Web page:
If this huge tusker scares you, look at the little girl on the rider's seat! I was amazed at the confidence with which this local Tamil girl was riding the massive elephant in Mudumalai National Park and Wildlife Sanctuary, Tamil Nadu. It really seemed that the princess of the jungle came out on her royal carriage to give us a lucky visit from a distance. Don't know much about others but I must admit, I was highly obliged by her graceful presence. Don't ignore the elephant in this photograph. It really had mammoth tusks!

Monday, August 11, 2014

The Resting Canoe

The Resting Canoe
I found this simple, yet beautiful canoe, resting on a stream by the Mahindra Park at Tikapur, Western Nepal. The stream was pretty shallow. I tried to board the idle canoe but found the apparently simple task quite arduous due to lack of stability of the poor wooden thing over the gently flowing stream. I've realized boat photos come out mostly nice provided you click them under proper lighting condition. 

Sunday, August 10, 2014

The Busy Miss from Nepal

The Busy Miss from Nepal
Can you guess what this busy Miss was doing? No, she's neither upset, nor meditating. This cute moody little girl was busy playing some game in her father's mobile phone. I came across this angel while I was trekking at Myagdi, Nepal. I too was waiting for the public transport which was not so frequent there. Suddenly I noticed this prospective co-passenger, totally absorbed in the virtual world of video games, which let me to capture few shots of her without slightest disturbance. Really, kids can be much more focused than us! 

Saturday, August 9, 2014

Dhimsa Dance by Tribal Women at Araku Valley

Dhimsa Dance by Tribal Women at Araku Valley
Dhimsa/Dimsa is a special variety of tribal dance popular among ethnic groups at Araku Valley, the hilly tourist hub of Andhra Pradesh. I had enjoyed this Dhimsa dance by tribal women in a day trip to Araku Valley from Visakhapatnam, conducted by AP tourism. After our lunch this dance was organized by APTDC team on the hotel lawn as a part of recreation cum rest, before our trip to Borrah caves. It was captured with a 2 mega-pixel cellphone camera.

Friday, August 8, 2014

Baby Elephant Peeing

Baby Elephant Peeing
I was fortunate to witness this royal show when I visited Nandankanan Zoological Park (at Bhubaneswar, Odisha) in 2008. I had been clicking my entire trip with the 'still' feature of sony handycam I had back then. But the security at the park entrance had problem with my camcorder, i.e. they weren't ready to believe I didn't have a cassette even inside that to record video which made it at par to any still digital camera. I too was not willing at all to pay for the exorbitant video camera ticket as I wasn't shooting any clip. So, I settled with my 2 mega-pixel phone camera and this is the result in front of you- the baby elephant peeing! Since 2008 I've shared it in different social networks and was at times asked, "How long did you have to wait to see him pee?" Well, it was a luck by chance. Later when I read in some journal that an adult elephant can pee up to 10 liters and that too in 20-25 seconds, I thanked my luck that it was only a calf. Yes you're thinking it right, otherwise I needed a raincoat to click this photo. Too much of text for a photo... I'll better be back with more elephant photos, see you.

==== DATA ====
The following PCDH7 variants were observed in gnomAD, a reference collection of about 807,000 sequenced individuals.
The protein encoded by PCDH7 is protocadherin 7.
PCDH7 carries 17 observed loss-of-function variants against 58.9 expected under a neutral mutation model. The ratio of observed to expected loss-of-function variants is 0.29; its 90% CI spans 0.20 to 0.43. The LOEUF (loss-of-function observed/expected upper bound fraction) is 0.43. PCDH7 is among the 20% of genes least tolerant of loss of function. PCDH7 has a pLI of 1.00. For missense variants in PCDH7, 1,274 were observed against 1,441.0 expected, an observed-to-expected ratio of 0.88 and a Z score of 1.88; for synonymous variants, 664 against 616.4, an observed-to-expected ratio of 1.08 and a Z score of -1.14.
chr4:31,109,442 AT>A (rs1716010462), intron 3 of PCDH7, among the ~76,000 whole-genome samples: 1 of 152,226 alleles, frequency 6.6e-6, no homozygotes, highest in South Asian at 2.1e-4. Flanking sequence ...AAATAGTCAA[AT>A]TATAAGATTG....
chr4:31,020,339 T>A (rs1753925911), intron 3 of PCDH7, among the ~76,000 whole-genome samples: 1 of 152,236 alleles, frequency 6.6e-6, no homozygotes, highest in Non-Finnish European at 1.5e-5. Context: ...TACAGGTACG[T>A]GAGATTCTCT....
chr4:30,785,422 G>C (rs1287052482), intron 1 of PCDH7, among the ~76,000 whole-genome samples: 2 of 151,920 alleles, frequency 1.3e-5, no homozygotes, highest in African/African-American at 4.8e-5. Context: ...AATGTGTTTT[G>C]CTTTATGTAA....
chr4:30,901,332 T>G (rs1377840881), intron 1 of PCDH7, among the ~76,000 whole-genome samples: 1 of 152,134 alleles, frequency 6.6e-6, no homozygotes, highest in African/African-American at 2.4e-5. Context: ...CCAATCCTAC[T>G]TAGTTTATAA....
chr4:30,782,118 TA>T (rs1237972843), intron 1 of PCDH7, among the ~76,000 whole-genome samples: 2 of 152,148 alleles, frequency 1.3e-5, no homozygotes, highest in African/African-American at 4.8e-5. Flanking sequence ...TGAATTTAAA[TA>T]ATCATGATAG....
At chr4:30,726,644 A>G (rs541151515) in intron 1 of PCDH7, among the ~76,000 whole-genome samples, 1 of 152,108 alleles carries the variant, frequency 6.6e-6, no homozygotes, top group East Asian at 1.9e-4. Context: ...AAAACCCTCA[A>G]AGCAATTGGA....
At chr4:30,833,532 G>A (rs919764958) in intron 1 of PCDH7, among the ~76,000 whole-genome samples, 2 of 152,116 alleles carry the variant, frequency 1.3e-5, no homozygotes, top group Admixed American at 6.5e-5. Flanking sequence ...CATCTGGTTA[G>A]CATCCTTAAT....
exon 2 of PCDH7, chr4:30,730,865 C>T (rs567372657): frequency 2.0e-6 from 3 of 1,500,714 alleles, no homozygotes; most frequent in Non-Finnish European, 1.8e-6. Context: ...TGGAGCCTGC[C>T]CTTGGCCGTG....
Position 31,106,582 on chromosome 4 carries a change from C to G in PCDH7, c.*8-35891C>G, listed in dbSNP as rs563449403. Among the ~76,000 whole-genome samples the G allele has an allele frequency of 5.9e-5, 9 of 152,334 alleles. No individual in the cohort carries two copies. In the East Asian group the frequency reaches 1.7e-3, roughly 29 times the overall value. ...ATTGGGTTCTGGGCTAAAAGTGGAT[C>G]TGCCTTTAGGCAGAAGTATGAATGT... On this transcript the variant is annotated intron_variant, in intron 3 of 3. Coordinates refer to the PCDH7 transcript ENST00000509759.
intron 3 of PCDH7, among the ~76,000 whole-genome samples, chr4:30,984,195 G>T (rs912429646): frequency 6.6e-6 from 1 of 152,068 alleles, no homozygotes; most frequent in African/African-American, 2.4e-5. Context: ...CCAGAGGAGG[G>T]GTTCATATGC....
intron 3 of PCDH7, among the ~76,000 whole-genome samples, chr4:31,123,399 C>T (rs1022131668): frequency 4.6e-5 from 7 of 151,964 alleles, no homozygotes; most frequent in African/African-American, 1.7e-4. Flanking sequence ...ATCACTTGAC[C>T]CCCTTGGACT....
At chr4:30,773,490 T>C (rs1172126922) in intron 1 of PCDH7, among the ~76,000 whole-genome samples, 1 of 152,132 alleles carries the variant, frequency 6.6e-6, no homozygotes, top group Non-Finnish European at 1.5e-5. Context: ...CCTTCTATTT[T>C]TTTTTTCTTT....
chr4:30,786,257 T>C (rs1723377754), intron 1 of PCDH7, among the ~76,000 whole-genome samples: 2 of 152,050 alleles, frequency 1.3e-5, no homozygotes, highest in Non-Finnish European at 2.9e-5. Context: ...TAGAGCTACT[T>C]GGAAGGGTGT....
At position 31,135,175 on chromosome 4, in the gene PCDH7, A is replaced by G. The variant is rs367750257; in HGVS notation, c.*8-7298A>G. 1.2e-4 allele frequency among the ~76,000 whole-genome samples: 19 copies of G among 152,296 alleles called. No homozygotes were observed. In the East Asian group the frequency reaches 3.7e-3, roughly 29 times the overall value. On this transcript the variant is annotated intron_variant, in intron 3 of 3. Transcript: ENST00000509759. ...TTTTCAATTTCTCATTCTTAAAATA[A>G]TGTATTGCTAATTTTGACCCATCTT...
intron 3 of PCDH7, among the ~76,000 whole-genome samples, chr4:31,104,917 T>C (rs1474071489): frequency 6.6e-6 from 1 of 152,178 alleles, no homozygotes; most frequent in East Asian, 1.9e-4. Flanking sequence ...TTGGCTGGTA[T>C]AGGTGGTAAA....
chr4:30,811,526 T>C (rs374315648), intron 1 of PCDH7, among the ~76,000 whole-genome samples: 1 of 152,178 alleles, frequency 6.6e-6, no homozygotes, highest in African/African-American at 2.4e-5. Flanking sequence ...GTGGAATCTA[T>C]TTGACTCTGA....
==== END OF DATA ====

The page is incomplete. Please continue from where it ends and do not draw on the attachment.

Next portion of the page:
Thursday, August 7, 2014

Wooden Bankura Horse waiting for the Sun God

Wooden Bankura Horse
The loyal creature waiting for his master, the Sun God.
This is a wooden Bankura Horse (Bankura is a district in West Bengal), about one meter tall, pure black in color, adorning a corner of our otherwise dull staircase. Terracotta horses of Bankura rank among top handicrafts of Bengal since ages and the wooden alternative to this form came at a later date. Bankura horses have typical long ornamented necks, long erect ears, large jaws, raised eyebrows and short limbs. If you ever happen to visit Bankura region, explore any handicraft shop and you'll find many of them in varying sizes.

Wednesday, August 6, 2014

Good old Yashica MF-2 Super DX in black and white

Good old Yashica MF-2 Super DX in black and white
My old, much adored point and shooter mate- Yashica MF-2 Super DX Kyocera still stands tall with its fixed focus Yashica 38mm 1:3.8 lens! I remember buying film rolls mostly of Kodak, Fujifilm or Konica. In a single roll my Yashica could capture around 33-35 photos and 2 AA batteries were usually enough for the purpose. I owe her for the love of photography I developed since my tender boyhood. Doesn't she look elegant in black and white?

Tuesday, August 5, 2014

A Black-rumped Flameback Woodpecker feeding on our Coconut tree

A Black rumped Flameback Woodpecker feeding on our Coconut tree
In a winter afternoon I spotted this black-rumped flameback searching for its prey beneath the bark of one of our old coconut trees in the garden. This is the most common variety of woodpeckers found in the urban areas of Indian subcontinent. It is also called the lesser golden-backed woodpecker and easily identifiable by its black rump, white underparts, black throat with fine white dots, golden back, red crown and crest. The falling sun had beautifully but unfortunately lit the other side of this tree and the extensive zooming caused some loss of details. 

Monday, August 4, 2014

On the Way from Jomsom to Muktinath

On the Way from Jomsom to Muktinath
I got a glimpse of this little picturesque village down the valley, ornamenting the beautiful panorama of rugged mountains at the background, on my trekking route from Jomsom to Muktinath, Nepal. If you happen to be a crazy trekker/traveler you may read my travel story of mystic Mustang.

A Giraffe at Kolkata Zoo

A Giraffe at Kolkata Zoo
I met this tall gentleman in a visit to Kolkata Zoo. I couldn't put my lens inside the fence, so, the blurred portion you can see in the middle of this giraffe's face is nothing but a wire of the fence which is out of focus. To check other animal photographs of my zoo trip you may visit my old post.

Sunday, August 3, 2014

Lucknow Bara Imambara on a Rainy Day

Lucknow Bara Imambara on a Rainy Day
I had captured this reflection of the prayer hall of Bara Imambara of Lucknow on little accumulated rainwater in one of my city outings in a rainy day. The wind was too much for the stagnant water to be still, so a clear reflection couldn’t be captured. For more photos of Lucknow Bara Imambara please visit my other blog.